The main recommendations – apart from labor market considerations – are to:
- Implement fully functional digital channels to enable outreach and some counseling in a non-face to face way in the future.
- Look at how to streamline and even automate benefit applications and processing.
Proactively nudge citizens: Prior to the start of the pandemic, this approach was already emerging in the area of training and skills. Unemployed, underemployed or people seeking new opportunities in the job market will seek chances to reskill. Numerous credible online forums have emerged to help people obtain badges, credentials, certifications and degrees. Citizens have unprecedented access to the tools to reinvent themselves and pivot to new career paths.
Singapore is a good example of a government that’s actively promoting new (mostly digital) skills to increase citizens’ position in the labor market2. In Luxembourg, the public employment agency – ADEM – is a partner for the government in an initiative that supports employers to help digitally up-skill their employees3.
But we expect even bolder steps in the aftermath of COVID-19 and all the challenges that the crisis has brought to the labor market. Looking at how whole industries and regions have been severely affected, it’s likely that:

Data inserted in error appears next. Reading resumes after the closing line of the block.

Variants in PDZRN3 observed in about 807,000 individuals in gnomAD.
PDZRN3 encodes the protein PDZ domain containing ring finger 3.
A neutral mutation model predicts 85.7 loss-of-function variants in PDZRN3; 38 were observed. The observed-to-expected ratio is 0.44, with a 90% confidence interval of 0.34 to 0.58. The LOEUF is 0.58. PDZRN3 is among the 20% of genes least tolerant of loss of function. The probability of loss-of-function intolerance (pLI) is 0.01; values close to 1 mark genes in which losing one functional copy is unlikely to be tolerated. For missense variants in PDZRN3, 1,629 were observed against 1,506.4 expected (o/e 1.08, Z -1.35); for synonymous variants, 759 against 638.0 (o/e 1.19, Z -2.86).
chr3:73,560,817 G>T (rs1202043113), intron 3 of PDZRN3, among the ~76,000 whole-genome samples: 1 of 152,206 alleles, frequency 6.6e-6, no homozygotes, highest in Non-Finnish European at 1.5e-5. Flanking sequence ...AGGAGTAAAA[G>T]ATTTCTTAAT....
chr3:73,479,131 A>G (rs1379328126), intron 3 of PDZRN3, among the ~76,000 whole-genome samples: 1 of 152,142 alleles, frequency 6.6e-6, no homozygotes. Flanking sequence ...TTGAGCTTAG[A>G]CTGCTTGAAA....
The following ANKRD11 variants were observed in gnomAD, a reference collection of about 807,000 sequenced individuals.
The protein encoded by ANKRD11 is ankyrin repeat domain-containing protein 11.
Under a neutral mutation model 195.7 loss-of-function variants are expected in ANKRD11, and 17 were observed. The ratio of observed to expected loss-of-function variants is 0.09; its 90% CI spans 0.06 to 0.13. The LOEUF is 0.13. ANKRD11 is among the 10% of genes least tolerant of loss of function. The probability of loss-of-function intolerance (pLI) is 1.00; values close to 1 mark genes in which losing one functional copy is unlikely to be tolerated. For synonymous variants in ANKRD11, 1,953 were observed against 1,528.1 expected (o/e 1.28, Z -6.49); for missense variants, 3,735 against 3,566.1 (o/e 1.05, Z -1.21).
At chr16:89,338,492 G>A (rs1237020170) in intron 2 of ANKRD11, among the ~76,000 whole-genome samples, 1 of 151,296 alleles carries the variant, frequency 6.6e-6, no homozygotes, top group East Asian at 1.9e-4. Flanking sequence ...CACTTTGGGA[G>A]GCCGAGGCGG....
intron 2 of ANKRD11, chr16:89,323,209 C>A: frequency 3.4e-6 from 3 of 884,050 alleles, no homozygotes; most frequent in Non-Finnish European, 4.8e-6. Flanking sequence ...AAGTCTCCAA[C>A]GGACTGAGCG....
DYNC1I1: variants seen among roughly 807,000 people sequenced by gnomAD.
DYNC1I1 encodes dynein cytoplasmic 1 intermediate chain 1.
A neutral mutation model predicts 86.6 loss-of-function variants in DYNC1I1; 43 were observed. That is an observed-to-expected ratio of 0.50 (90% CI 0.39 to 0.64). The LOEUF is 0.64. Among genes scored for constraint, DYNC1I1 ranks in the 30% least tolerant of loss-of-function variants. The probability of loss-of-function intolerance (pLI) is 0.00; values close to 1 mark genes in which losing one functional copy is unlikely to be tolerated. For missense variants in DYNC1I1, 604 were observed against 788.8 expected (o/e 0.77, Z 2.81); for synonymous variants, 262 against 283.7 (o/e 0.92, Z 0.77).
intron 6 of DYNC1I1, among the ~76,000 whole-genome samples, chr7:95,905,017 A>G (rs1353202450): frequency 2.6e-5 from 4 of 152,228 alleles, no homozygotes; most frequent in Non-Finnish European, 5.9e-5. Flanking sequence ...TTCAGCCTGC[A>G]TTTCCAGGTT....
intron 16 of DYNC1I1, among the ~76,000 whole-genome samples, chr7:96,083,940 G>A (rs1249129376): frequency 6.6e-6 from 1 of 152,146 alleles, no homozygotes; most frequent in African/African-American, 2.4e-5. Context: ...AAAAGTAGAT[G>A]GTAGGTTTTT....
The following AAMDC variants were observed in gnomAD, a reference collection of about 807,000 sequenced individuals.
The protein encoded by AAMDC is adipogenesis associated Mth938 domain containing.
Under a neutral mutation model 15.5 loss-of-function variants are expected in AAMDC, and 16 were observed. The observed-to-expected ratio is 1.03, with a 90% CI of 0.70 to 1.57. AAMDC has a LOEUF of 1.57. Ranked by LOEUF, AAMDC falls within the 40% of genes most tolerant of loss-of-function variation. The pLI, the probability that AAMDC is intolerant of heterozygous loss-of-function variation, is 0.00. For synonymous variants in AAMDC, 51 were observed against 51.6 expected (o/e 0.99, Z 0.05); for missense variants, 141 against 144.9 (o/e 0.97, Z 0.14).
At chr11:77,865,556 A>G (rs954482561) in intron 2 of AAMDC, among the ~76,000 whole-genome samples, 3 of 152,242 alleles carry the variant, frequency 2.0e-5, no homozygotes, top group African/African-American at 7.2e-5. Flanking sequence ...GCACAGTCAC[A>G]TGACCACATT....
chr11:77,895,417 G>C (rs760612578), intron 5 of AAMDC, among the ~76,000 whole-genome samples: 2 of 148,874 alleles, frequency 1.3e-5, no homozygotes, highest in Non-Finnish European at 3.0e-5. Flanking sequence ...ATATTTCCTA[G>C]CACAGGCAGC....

- Governments and employment agencies will actively reach out to whole cohorts of unemployed citizens with specific efforts geared towards targeting people in industries or companies that were heavily affected and might not easily recover.
- Governments and employment agencies will propose a re-skilling path towards different industries that takes into account regional or national priorities for targeted industries and required skill sets – thus not only providing a response to COVID-19-related problems but actively fostering economic recovery plans and strategic workforce initiatives.
As employment and education agencies engage solutions for future uplift and improvement in our communities and nations, it is a prime time to examine the new cohorts that have emerged from this crisis, take action to nudge citizens to prepare for their future, and adjust agency practices to work efficiently and effectively at scale. A new era has begun, and citizens are seeking certainty and direction. Employment and education agencies are in a prime position to provide reassurance and to promote a positive future for our communities and countries.
- EU Network of Public Employment Services Strategy to 2020 and beyond” Accessed on July 16, 2020 https://ec.europa.eu/social/main.jsp?catId=1163&intPageId=3443&langId=en
- Immervoll, Herwig “Faces of Joblessness.” OECD. Accessed July 16, 2020. https://www.oecd.org/els/soc/FoJ%20slides_web.pdf
- “Skills Future.” Accessed July 16, 2020. https://www.skillsfuture.sg/
- “Get ready for future skills.” Le gouvernement de grand-duché de Luxembourg. Accessed July 16, 2020. https://adem.public.lu/en/employeurs/futureskills.html